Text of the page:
For Library of Water, Roni Horn selected 24 glaciers throughout Iceland (many of them came from the rugged interior). Drivers traveled to the locations and chipped off the ice. In Stykkishólmur, Horn melted the chunks and poured the water into the columns. Today, sediment collects at the bottom of the golden hued bases. The floors of the space are rubber and contain adjectives in English and Icelandic describing the weather. There is also a library containing many of Horn's publications.
Horn was quoted that she wanted the space to be "a lighthouse in which the viewer becomes the light." This is most evident in the empty circular room overlooking the small town on the wharf. This is the domineering view that one has once removing shoes and quietly padding around in white slippers. It was also here that I wondered whether or not the landscape outside the windows overwhelmed the artwork. At first I thought it played an equal role but the more time I spent in the space, I wanted to view the sea beyond the building through the glass windows or the columns themselves. The tall containers were secondary and a more subtle presence.
The shape of the columns and the front window are also reminiscent of the curvature of a lighthouse. I would soon think of the clear pillars as beacons, warning humans of global warming as the land they approach becomes more distant.
The glass columns are illuminated from underneath drawing attention to floating matter that one might not want to spend considerable time examining. "Chilly," "brisk," and "frigid" were three words I gravitated to photographing most. Ann Hamilton's commission for the Seattle Public Library also came to mind in terms of an installation in a similarly functioning locale with text on the floor.
The tops of the cylinders were mounted like this. The reflections were deceiving as they made the ceiling look as soft as cushions. I wish I could have seen photographic evidence of Horn pouring melted glacier water into a structure this tall.
I took many photographs of the distortions the water caused with the view outside.
The above photograph was found in a press notebook in the room designated for Horn's publications (forgive the reflections as everything here was difficult to photograph). It features Horn sitting amongst the containers of glacial melt before they were installed. This image screams isolation (yet indoors) and contemplation. With that in mind, Horn's quote found in the Library of Water catalog is fitting to reproduce here:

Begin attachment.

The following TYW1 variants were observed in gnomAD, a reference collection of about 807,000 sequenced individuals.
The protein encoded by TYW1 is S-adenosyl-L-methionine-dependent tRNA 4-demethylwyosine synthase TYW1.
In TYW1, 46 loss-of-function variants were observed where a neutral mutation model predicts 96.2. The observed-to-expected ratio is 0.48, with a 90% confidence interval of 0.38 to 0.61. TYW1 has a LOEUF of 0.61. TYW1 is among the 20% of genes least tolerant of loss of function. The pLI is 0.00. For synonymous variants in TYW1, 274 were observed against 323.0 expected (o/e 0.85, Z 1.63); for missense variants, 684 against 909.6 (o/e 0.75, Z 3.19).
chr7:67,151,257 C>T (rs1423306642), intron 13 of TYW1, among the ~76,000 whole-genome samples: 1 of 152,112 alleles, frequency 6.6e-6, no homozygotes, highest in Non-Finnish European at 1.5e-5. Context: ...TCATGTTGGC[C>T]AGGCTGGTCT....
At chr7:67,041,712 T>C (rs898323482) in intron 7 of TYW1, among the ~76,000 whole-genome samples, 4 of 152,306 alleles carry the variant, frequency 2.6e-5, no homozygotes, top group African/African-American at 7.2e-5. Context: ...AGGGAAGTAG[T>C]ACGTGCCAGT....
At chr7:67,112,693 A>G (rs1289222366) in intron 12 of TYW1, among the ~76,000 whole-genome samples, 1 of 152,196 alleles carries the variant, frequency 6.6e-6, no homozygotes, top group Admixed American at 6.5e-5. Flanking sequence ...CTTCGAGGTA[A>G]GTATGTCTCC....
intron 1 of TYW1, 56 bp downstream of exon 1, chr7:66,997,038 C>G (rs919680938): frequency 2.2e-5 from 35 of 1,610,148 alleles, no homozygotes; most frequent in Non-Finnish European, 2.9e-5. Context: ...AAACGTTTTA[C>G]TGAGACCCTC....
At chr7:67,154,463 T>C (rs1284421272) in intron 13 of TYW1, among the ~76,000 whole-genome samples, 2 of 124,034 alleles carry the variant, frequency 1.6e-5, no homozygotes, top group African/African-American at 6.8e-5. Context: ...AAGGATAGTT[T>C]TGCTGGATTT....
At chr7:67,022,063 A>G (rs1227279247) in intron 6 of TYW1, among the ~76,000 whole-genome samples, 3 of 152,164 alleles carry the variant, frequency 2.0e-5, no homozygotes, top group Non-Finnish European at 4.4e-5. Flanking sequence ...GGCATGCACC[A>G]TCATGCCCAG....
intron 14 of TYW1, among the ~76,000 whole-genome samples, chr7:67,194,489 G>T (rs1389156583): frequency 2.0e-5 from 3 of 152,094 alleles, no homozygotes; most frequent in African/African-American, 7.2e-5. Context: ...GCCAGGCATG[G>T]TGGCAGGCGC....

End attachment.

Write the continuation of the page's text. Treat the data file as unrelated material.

"I go north. It's in my nature. But it turns out that the vast majority of people go south. To the sun and the heat and perhaps the more social nature of life in southern climes...."
"... The desire to go north is an attraction to solitude, open space, subtle expressions of light and time. Vast expressions of scale and horizon. Sometimes going north is about whiteness..."
"...Sometimes it is about darkness. I'm attracted to the darkness, it relieves me of the incessant call to visual attention - it opens interior spaces that offer untold possibilities of discovery..."
"...This darkness is really another form of light."
More than anything, I wanted to visit the Library of Water to see how the water specimen was treated as an art installation. How did it function with its surroundings? How much text was used to describe the intent? How was it constructed and with what materials? How did viewers walk through the space and interact with the forms? I wish I could say it was this summer's transformative art viewing experience but sadly it was not (Akhob still wins that prize). It was important to see in person, however, as it answered many of my questions above. I will never forget peering through the glacial melt to see the whale watching boats depart from the wharf below (always longing for what lies just beyond and never fully satisfied with what is at hand).